The author of Bunch Grass ventures to hope that this book will not be altogether regarded as mere flotsam and jetsam of English and American magazines. The stories, it will be found, have a certain continuity, and may challenge interest as apart from incident because an attempt has been made to reproduce atmosphere, the atmosphere of a country that has changed almost beyond recognition in three decades.
"These foothill imps will kill her," said Ajax.
Within a week we knew that the big boys were becoming unmanageable, but no such information leaked from Alethea-Belle's lips. Each evening at supper we asked how she had fared during the day. Always she replied primly: "I thank you; I'm getting along nicely, better than I expected."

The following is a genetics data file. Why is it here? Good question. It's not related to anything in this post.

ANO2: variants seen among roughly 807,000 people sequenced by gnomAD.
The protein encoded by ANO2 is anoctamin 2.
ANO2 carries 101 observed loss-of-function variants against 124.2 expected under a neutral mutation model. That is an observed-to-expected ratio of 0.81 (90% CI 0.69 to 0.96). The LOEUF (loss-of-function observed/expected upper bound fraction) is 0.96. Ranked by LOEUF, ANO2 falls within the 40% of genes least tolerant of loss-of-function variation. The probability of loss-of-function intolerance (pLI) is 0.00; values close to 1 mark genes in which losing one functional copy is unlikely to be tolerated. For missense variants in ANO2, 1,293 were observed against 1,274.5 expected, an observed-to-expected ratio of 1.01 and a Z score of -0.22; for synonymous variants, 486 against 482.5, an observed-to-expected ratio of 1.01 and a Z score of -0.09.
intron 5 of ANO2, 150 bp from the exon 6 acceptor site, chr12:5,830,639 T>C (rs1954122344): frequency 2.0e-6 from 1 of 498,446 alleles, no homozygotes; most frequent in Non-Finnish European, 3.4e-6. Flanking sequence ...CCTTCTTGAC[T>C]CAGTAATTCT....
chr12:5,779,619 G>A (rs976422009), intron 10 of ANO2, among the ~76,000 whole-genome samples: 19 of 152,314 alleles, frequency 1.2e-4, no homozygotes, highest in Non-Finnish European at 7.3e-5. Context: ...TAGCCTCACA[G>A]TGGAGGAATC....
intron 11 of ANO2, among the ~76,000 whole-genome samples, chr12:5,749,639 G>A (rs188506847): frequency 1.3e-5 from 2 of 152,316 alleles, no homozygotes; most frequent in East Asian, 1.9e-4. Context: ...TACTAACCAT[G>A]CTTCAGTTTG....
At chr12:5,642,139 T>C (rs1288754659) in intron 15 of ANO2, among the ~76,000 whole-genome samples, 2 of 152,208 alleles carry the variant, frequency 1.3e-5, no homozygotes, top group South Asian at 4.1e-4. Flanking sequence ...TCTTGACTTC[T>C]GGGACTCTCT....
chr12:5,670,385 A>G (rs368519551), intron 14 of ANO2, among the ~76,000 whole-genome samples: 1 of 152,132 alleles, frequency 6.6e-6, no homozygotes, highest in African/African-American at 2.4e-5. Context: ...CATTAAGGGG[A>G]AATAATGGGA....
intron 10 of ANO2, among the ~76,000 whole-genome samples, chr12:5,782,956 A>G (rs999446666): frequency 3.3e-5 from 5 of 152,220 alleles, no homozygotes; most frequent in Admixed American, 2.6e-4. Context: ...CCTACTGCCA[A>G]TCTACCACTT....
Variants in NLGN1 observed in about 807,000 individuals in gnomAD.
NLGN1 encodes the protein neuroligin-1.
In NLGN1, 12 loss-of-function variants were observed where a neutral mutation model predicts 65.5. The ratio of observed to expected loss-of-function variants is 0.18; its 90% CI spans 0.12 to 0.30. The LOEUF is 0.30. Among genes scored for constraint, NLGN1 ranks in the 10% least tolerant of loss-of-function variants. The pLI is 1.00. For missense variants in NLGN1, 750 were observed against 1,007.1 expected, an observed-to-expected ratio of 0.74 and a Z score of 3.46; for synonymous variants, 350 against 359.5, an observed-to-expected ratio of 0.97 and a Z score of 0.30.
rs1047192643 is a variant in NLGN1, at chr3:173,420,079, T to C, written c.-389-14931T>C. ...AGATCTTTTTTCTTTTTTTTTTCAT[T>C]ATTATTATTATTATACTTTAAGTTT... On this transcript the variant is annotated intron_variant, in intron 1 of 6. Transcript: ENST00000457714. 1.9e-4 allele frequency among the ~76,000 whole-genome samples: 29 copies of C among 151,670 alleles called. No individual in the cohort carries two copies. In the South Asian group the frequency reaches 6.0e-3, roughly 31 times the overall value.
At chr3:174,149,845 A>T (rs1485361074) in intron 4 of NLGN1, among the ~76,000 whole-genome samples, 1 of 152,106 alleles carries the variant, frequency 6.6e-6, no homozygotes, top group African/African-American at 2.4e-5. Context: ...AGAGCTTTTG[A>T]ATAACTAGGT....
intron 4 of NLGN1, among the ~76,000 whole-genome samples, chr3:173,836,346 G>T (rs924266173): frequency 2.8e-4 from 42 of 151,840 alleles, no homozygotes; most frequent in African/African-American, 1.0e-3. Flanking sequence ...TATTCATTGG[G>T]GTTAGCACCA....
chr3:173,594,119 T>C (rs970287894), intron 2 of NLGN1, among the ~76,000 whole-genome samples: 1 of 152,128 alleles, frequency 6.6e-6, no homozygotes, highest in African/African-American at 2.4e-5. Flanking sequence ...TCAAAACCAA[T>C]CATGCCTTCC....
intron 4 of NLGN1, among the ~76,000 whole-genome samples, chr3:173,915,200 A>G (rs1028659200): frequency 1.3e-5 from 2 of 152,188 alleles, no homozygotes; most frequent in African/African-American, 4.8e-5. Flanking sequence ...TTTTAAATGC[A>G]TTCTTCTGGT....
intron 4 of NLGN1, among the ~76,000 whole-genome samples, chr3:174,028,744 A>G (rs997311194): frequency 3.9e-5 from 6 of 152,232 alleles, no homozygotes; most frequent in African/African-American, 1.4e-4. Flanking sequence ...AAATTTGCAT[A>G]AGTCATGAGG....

Mrs. Spafford, a peeper through doors and keyholes, explained the schoolmarm's methods.
"I jest happened to be passin' by," she told me, "and I peeked in through--through the winder. That great big hoodlum of a George Spragg was a-sassin' Miss Buchanan an' makin' faces at her. The crowd was a- whoopin' him up. In the middle o' the uproar she kneels down. 'O Lord,' says she, 'I pray Thee to soften the heart of pore George Spragg, and give me, a weak woman, the strength to prevail against his everlastin' ignorance and foolishness!' George got the colour of a beet, but he quit his foolin'. Yes sir, she prays for 'em, and she coaxes 'em, an' she never knows when s